Readying the return of ‘Ratty’ back to Eden’s riverbanks
How we're securing the future of this rarely seen native species in Eden
Once a common sight in our rivers, water voles have vanished from the Lake District. In a bid to re-establish this small, yet vital part of the ecosystem, environmental organisations and landowners have joined forces to create the habitat conditions needed to bring back this much-loved creature to Cumbria. This week, our hard work has been rewarded as the last of 365 water voles were released into their new homes.
Nationally, water voles are Britain’s fastest-declining mammal. Over the last century, they’ve gone from an estimated population of eight million to around 132,000. In that time, they have disappeared from 94% of sites where they once lived, including the Lake District.
This week, 204 water voles were released at Haweswater, taking place not long after 161 water voles were rehomed on the Lowther Estate.
It marked the end of the initial phase of the first re-introduction programme to take place in the National Park since they were virtually wiped out – mainly due to habitat loss, pollution and the devastation caused by the rapid spread of the water vole’s nemesis; invasive, non-native American mink. Defenceless against the mink, whole colonies were swiftly decimated.
These threats had to be addressed before any animals could be reintroduced.
We were awarded money from the Environment Agency’s Water Environment Improvement Fund (WEIF), The Moorhouse Fund (Cumbria Community Foundation) and Ernest Cook Trust to work with landowners and volunteers to find suitable sites, make necessary improvements to habitats and take steps to control non-native predators ahead of this summer’s re-introduction.
The successful release of the water voles is a result of a partnership project between Eden Rivers Trust (lead partner), The Environment Agency and the Cumbria Connect programme.
Dave Greaves, Species and Habitat Officer here at Eden Rivers Trust explains why now is the right time to reintroduce water voles:
The conditions must be right to successfully re-introduce water voles and a wide range of partners have worked closely with us to get to this point. Firstly, Lowther Estates and the RSPB/United Utilities’ commitment to landscape-scale river restoration and habitat improvement projects has created the variety of river and wetland habitats needed for water voles to thrive.
Secondly, control of invasive, non-native American mink had to be in place as they kill water voles and other native wildlife. Water voles didn’t co-evolve with American mink, and so lack strategies to avoid predation. We now have a more effective and efficient way of controlling mink – working with landowners and the local community so that the water voles stand a better chance of survival.
Finally, more funding is now becoming available as nature recovery rises up the agenda of government and nature-friendly farming and land management is adopted.
To ensure a successful release, we have worked with water vole ecology specialists, Derek Gow Consultancy to find suitable sites and supply captive-bred voles that are closer to the genetic make-up of voles that would have once been more widespread in this part of Cumbria.
Bill Kenmir, Conservation Manager at Cumbria Connect, added:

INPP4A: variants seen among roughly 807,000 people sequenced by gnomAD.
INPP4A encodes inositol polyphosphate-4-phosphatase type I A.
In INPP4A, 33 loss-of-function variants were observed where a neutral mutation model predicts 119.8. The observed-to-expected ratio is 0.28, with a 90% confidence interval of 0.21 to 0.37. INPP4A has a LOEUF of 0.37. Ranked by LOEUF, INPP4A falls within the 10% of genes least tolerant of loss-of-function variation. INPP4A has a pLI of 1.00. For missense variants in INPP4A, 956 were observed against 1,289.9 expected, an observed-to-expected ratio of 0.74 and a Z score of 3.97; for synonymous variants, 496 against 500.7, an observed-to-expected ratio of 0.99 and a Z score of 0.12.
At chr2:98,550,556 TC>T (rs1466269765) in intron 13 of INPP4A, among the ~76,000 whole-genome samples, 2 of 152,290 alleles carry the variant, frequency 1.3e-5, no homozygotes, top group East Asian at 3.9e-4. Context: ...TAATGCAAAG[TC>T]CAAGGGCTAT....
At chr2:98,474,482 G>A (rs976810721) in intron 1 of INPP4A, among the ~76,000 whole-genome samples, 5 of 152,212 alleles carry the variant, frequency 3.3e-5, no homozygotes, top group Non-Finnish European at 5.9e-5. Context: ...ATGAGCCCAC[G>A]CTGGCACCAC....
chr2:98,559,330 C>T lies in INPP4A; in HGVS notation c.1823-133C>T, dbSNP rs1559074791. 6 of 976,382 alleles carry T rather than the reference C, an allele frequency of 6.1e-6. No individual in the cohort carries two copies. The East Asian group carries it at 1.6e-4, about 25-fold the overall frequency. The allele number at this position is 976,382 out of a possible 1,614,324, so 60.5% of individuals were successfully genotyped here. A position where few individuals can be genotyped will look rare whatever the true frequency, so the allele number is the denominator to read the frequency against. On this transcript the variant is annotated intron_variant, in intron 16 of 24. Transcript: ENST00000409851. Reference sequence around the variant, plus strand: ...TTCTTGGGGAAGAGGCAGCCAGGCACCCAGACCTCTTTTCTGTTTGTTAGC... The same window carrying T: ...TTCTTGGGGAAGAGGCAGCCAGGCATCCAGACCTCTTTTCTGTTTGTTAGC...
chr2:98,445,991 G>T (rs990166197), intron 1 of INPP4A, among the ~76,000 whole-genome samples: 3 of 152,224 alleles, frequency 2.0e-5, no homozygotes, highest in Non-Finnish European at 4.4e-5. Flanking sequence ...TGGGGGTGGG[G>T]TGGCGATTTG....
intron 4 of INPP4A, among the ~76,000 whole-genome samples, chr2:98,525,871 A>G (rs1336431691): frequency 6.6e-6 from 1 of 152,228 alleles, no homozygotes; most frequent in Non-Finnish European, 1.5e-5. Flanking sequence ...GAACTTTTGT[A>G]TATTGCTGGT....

This reintroduction of water voles to Cumbria marks a significant step forward in nature restoration of our landscape. Recognised as a keystone species due to their pivotal role, these charming creatures wield significant influence in delicately balanced ecosystems by engineering new habitats and increasing plant diversity along waterways.
“By adopting a landscape-scale approach and with further releases planned across the area, we hope to create a network of interconnected populations across restored floodplains. This will allow the water voles to disperse across more dynamic habitats, including alongside beaver at Lowther, allowing them to thrive.
Jim Bliss, Assistant Estate Manager, Lowther Estate said:
Lowther is very excited to be part of a project that is reintroducing this adorable and much-loved species back to our northern landscape. For the first time in around 400 years, beavers and water voles can begin to live alongside each other in Cumbria.
Beavers and water voles co-exist happily. The more dams created by beavers, the higher the water table. This in turn gives voles greater access to wider feeding areas. For their part, the voles, alongside their burrows, help the growth of a variety of wetland plant species – species that have previously been out-competed by monoculture. All this helps to create a diversity of soil structures which in turn brings in more diversity.
Lowther’s wider plan is to eradicate non-native invasive species and implement nature recovery across the estate. The water vole project is a key part of this strategy.
David Morris, RSPB Area Manager for Cumbria, added:
We are thrilled to witness the water voles’ return to Haweswater, a testament to 12 years of dedicated landscape recovery in collaboration with our partner, United Utilities. Haweswater’s role in the esteemed Cumbrian River Restoration Programme, earning the European Riverprize 2022, reflects our commitment to reinstating natural river processes. Now, working more widely with our neighbours the Lowther Estate, we have created an environment where we can support the revival of this endangered species, establishing a population that can disperse across the wider landscape, contributing to a resilient ecosystem that benefits both nature and people.
John Gorst, Catchment Partnership Officer for United Utilities, said:
We’re proud to be part of the reintroduction of water voles at Haweswater. They will play their part in continuing to improve the biodiversity around the estate and build on the good work that our partnership with the RSPB has done.